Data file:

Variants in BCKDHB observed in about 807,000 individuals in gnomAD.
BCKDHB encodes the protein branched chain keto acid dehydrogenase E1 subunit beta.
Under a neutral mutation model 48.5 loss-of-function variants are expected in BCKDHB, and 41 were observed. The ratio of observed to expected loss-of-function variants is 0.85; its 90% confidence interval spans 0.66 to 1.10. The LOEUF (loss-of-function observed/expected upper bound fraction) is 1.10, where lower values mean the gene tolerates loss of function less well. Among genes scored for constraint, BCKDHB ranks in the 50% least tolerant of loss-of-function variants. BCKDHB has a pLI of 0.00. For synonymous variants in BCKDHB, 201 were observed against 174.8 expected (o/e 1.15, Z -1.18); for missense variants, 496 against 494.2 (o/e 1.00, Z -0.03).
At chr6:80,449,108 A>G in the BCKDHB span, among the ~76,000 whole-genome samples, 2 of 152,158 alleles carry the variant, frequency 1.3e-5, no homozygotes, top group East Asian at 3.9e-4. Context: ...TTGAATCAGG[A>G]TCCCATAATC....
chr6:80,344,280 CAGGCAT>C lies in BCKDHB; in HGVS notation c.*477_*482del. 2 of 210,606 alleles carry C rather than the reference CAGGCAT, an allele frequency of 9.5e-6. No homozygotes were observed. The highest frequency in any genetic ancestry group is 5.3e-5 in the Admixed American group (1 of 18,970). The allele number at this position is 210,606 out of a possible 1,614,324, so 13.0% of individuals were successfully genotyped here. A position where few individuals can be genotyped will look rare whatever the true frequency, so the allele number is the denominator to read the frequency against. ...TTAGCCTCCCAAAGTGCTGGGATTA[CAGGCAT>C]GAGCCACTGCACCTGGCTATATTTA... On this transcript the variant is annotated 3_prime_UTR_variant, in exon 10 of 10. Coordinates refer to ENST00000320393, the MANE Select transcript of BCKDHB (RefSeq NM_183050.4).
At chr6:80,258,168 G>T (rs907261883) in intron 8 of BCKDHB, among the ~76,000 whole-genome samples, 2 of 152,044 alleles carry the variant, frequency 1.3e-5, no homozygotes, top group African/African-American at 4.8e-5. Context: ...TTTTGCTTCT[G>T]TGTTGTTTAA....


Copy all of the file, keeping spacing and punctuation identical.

Variants in BCKDHB observed in about 807,000 individuals in gnomAD.
BCKDHB encodes the protein branched chain keto acid dehydrogenase E1 subunit beta.
Under a neutral mutation model 48.5 loss-of-function variants are expected in BCKDHB, and 41 were observed. The ratio of observed to expected loss-of-function variants is 0.85; its 90% confidence interval spans 0.66 to 1.10. The LOEUF (loss-of-function observed/expected upper bound fraction) is 1.10, where lower values mean the gene tolerates loss of function less well. Among genes scored for constraint, BCKDHB ranks in the 50% least tolerant of loss-of-function variants. BCKDHB has a pLI of 0.00. For synonymous variants in BCKDHB, 201 were observed against 174.8 expected (o/e 1.15, Z -1.18); for missense variants, 496 against 494.2 (o/e 1.00, Z -0.03).
At chr6:80,449,108 A>G in the BCKDHB span, among the ~76,000 whole-genome samples, 2 of 152,158 alleles carry the variant, frequency 1.3e-5, no homozygotes, top group East Asian at 3.9e-4. Context: ...TTGAATCAGG[A>G]TCCCATAATC....
chr6:80,344,280 CAGGCAT>C lies in BCKDHB; in HGVS notation c.*477_*482del. 2 of 210,606 alleles carry C rather than the reference CAGGCAT, an allele frequency of 9.5e-6. No homozygotes were observed. The highest frequency in any genetic ancestry group is 5.3e-5 in the Admixed American group (1 of 18,970). The allele number at this position is 210,606 out of a possible 1,614,324, so 13.0% of individuals were successfully genotyped here. A position where few individuals can be genotyped will look rare whatever the true frequency, so the allele number is the denominator to read the frequency against. ...TTAGCCTCCCAAAGTGCTGGGATTA[CAGGCAT>C]GAGCCACTGCACCTGGCTATATTTA... On this transcript the variant is annotated 3_prime_UTR_variant, in exon 10 of 10. Coordinates refer to ENST00000320393, the MANE Select transcript of BCKDHB (RefSeq NM_183050.4).
At chr6:80,258,168 G>T (rs907261883) in intron 8 of BCKDHB, among the ~76,000 whole-genome samples, 2 of 152,044 alleles carry the variant, frequency 1.3e-5, no homozygotes, top group African/African-American at 4.8e-5. Context: ...TTTTGCTTCT[G>T]TGTTGTTTAA....